Design Thinking Standards for K-12 Students

Banner 1- Design Thinking Standards

The Design Thinking Standards (DTS) provide educators a foundation of what students are expected to learn and do when using the design thinking method. These learning goals are guidelines that educators can use, adjust and modify to meet the needs of their students. The following standards were developed based on the work and teachings of the (Institute of Design at Stanford University), a leader in design thinking education, and its K12 Lab Network, a program that brings design thinking into schools.

The DTS are composed of design practices (skills that students will be able to do), core design ideas (knowledge that students will understand), and design mindsets (set of attitudes essential for effective application of design thinking).

There are two sets of DTS’s. The first set of standards incorporates the K12 Lab’s design thinking principles (or mindsets) and is recommended for educators who teach design thinking to grade K-5 students. These principles or mindsets are straightforward and easier to understand by elementary students. The second set of DTS incorporates the liberatory design process and its set of mindsets. The liberatory design mindsets are slightly more complex and would be suitable for educators who teach design thinking to grade 6-12 students.

Please visit my website to find the standards. You will also find links to the Google Doc version of these standards. design thinking standards

How To: Quick Tutorial for New Google Slides Presentation

This video will show you how to use Google Slides like a Google App expert!

Watch my Google Drive video as well!

Music by Ryan Little
Outro: “Falling Down”

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STEM Activity for 2nd Grade: Self Identity Box

Our 2nd graders built a foldable box that contained objects that represented who they were. This project incorporated social studies, engineering, science and mathematics.

In design class, Becca Goess and I helped students build and design their foldable boxes. We first had them learn about measurements to gain an understanding of the size and dimensions of their box.

Want to see more of what we do in our STEM/EdTech class?
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Intro Music by Ryan Little “Falling Down”:
Background Music by Ryan Little “Slow Down”:

Becca Goess, STEM Design Specialist:
Denise Brohm, 2nd Grade Teacher:


How to Create a Professional Logo

This video was created for my 3rd grade class. After drawing their logo, they needed to take a picture of it and upload it to their Google Drive. Finally they used Google Drawing to create their logos.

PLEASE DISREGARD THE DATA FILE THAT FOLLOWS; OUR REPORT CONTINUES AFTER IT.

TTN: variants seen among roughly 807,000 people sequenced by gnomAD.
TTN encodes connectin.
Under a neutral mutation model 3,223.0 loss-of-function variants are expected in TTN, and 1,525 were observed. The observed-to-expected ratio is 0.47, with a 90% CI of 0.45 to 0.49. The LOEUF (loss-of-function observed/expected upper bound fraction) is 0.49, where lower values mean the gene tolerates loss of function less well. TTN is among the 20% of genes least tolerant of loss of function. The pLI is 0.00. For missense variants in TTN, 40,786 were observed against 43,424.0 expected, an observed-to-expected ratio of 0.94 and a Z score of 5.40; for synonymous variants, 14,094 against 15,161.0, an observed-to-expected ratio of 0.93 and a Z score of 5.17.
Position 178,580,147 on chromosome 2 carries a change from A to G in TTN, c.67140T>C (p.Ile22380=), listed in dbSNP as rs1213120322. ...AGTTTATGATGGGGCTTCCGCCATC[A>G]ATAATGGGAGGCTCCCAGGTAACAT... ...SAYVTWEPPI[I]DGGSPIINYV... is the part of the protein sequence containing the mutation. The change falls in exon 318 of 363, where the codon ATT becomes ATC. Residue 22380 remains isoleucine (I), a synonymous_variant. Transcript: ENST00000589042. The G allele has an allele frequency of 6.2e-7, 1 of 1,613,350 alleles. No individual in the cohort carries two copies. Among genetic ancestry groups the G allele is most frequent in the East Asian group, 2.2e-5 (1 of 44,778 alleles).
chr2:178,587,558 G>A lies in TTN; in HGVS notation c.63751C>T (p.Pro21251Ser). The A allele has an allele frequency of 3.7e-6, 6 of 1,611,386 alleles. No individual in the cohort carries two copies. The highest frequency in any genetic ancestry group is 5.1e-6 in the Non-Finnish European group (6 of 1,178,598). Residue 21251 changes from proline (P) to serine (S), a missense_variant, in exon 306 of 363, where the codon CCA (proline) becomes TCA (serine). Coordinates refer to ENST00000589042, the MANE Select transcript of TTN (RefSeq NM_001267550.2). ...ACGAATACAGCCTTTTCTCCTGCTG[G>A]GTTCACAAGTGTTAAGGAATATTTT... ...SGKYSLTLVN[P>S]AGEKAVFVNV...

Want to see what we do in my STEM/EdTech class?

Intro Music 1 by Kevin Macleod “Pamgaea”
Intro Music 2 by Ryan Little “Falling Down”:

Virtual Museum Template Using Apple’s Keynote

Virtual museums are great digital tools that students can use to show what they know and what they are able to do. They can demonstrate their knowledge and skills by creating exhibits about any academic subject or topic. It is also a way to enhance learning and provides visitors an augmented, interactive learning experience.

My colleague, Javier Hernandez, presented a PD on virtual museums using Apple’s Keynote. I thought I would create my own version for my students to use. If you would like to try out my Keynote Virtual Museum template, please click on this link:

Students first get to choose one of the six Museum slides and then type in the name of their museum, for example, Virtual South Korea Cultural Museum.screen-shot-2017-01-28-at-2-23-23-pmscreen-shot-2017-01-28-at-2-23-25-pmscreen-shot-2017-01-28-at-2-23-27-pmscreen-shot-2017-01-28-at-2-23-29-pmscreen-shot-2017-01-28-at-2-23-30-pmscreen-shot-2017-01-28-at-2-23-32-pm

After entering the museum, you arrive at the “Lobby” where you can access different rooms by clicking on the arrows. For the 5th grade project, rooms 1-6 would be designated for specific topic of a world culture (ex. beliefs, arts, and customs).


When you click on the a “Room” arrow, you will be taken to a room that holds multiple exhibits. Here students can insert images of their museum piece onto the designated boxes and rename the text appropriately. You will also find a “Lobby” arrow on each slide if you wish to choose to enter another room.


You can click on these designated boxes and the Artifact text boxes in the room and it will send you to the Artifact slide. The slide below is what will appear. You can provide an image/video and detailed information about the museum piece.


Make sure students fill out the “Reference” slide when referring resources in their work!


And finally, the “Curator’s Office” slide is where students can provide an image of themselves, as well as provide a short description about themselves.


Again for those of you who would like to try out my Virtual Museum template, please click on this link:

Hope you enjoy the educational tool!


How to Make a Website! New Wix Tutorial

In this video, learn how to create a stunning website with! With Wix’s intuitive interface and advanced design features, I believe is the best way for beginners and even professional web designers to easily, create quality websites in just a couple of minutes.

Intro Music by Ryan Little